Beginning of shawl.
It obviously has a long way to go, but I feel like I learned enough to confidently continue the pattern and do the blocking and finishing when it’s done. (And if now, well, then I’ll have to make another trip over to the shop…)
In a somewhat related category, I finally discovered the Yarn Harlot this summer. That would be Stephanie Pearl-McPhee, a knitter and writer from Toronto who writes about knitting, mostly humor and stories rather than patterns (although she has those, too, I understand). I read her first book during some unexpected traveling in July, and I was laughing out loud and making my mom listen while I read her sections. In my defense, my mom laughed, too! Although I realize (and so does Ms. Pearl-McPhee, for that matter), that knitting humor is a very specific genre, I wholeheartedly recommend her books to anyone who does any kind of crafting, or if there’s a crafter in your life who you are trying to figure out. If you suspect someone is hiding yarn around your house, Yarn Harlot will tell you where to look!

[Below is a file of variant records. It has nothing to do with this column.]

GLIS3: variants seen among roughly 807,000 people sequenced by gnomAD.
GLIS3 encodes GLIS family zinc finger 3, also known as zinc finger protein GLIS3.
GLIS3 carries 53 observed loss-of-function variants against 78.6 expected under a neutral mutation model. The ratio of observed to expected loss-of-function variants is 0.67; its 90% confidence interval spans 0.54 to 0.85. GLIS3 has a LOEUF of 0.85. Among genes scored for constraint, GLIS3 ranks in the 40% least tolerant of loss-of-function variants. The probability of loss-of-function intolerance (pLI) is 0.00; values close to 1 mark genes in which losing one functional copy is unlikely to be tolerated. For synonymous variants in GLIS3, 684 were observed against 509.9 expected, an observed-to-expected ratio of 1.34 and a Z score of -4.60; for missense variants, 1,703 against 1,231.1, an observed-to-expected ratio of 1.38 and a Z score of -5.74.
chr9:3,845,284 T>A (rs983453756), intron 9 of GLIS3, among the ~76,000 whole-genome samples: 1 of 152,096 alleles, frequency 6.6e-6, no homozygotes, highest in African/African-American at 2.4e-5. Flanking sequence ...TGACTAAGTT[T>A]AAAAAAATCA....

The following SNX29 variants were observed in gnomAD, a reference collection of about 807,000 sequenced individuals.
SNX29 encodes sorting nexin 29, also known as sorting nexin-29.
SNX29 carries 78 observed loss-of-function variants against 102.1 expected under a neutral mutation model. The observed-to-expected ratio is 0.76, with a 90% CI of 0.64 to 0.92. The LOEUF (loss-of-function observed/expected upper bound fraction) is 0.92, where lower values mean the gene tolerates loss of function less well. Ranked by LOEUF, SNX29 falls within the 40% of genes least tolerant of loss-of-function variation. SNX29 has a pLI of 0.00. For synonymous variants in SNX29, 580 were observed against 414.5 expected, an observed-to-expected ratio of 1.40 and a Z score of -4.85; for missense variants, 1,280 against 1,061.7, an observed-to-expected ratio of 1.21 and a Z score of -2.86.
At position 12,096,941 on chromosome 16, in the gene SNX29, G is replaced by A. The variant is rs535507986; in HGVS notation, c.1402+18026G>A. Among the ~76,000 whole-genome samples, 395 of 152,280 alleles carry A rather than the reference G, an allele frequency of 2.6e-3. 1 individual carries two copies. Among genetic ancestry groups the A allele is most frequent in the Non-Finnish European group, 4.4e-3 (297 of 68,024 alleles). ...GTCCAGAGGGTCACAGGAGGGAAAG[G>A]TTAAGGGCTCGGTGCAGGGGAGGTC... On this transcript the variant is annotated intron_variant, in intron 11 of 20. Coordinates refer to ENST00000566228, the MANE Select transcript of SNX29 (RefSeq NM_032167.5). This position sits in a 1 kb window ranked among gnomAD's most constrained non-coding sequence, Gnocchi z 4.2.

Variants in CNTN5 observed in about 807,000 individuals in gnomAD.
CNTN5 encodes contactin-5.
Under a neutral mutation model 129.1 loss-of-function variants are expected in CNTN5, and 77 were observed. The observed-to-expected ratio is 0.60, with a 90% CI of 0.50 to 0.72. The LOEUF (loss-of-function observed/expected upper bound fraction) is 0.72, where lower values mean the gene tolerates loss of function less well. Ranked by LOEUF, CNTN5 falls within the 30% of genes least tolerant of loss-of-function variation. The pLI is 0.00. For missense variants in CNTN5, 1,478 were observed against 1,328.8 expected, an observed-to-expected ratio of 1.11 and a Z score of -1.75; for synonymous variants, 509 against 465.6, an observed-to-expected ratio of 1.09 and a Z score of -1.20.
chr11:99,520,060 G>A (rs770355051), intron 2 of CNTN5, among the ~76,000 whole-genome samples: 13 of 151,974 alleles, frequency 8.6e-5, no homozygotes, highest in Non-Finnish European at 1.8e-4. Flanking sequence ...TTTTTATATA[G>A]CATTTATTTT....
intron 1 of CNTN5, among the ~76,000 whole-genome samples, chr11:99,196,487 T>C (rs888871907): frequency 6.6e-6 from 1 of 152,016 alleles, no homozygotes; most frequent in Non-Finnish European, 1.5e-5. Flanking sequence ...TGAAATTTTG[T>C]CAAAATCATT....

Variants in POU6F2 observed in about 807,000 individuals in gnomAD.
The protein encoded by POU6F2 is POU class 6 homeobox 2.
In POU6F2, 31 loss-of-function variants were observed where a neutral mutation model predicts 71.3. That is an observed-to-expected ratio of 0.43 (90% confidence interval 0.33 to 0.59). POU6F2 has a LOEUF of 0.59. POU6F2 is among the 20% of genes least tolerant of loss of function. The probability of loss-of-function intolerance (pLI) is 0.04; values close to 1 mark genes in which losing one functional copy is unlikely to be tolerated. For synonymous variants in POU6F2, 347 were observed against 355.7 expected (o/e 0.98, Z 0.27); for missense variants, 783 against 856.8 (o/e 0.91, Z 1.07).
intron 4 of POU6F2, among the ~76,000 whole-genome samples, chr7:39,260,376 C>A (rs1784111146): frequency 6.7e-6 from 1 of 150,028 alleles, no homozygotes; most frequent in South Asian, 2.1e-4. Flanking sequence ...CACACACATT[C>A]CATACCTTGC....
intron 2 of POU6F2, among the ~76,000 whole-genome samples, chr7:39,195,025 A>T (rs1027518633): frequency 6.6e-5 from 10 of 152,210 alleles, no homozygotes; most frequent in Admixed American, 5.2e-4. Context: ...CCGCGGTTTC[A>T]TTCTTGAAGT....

Yarn Harlot: The Secret Life of a Knitter by Stephanie Pearl-McPhee
My rating: 5 of 5 stars
Here’s the original. I didn’t think you needed my whole review since I basically told you everything already.
And here’s some text to make the pictures
line up correctly.
All Wound Up: The Yarn Harlot Writes for a Spin by Stephanie Pearl-McPhee
My rating: 4 of 5 stars
I have been working on another knitting project: a Christmas stocking. Here is the evidence:
The rolled part is going to be the top of the stocking.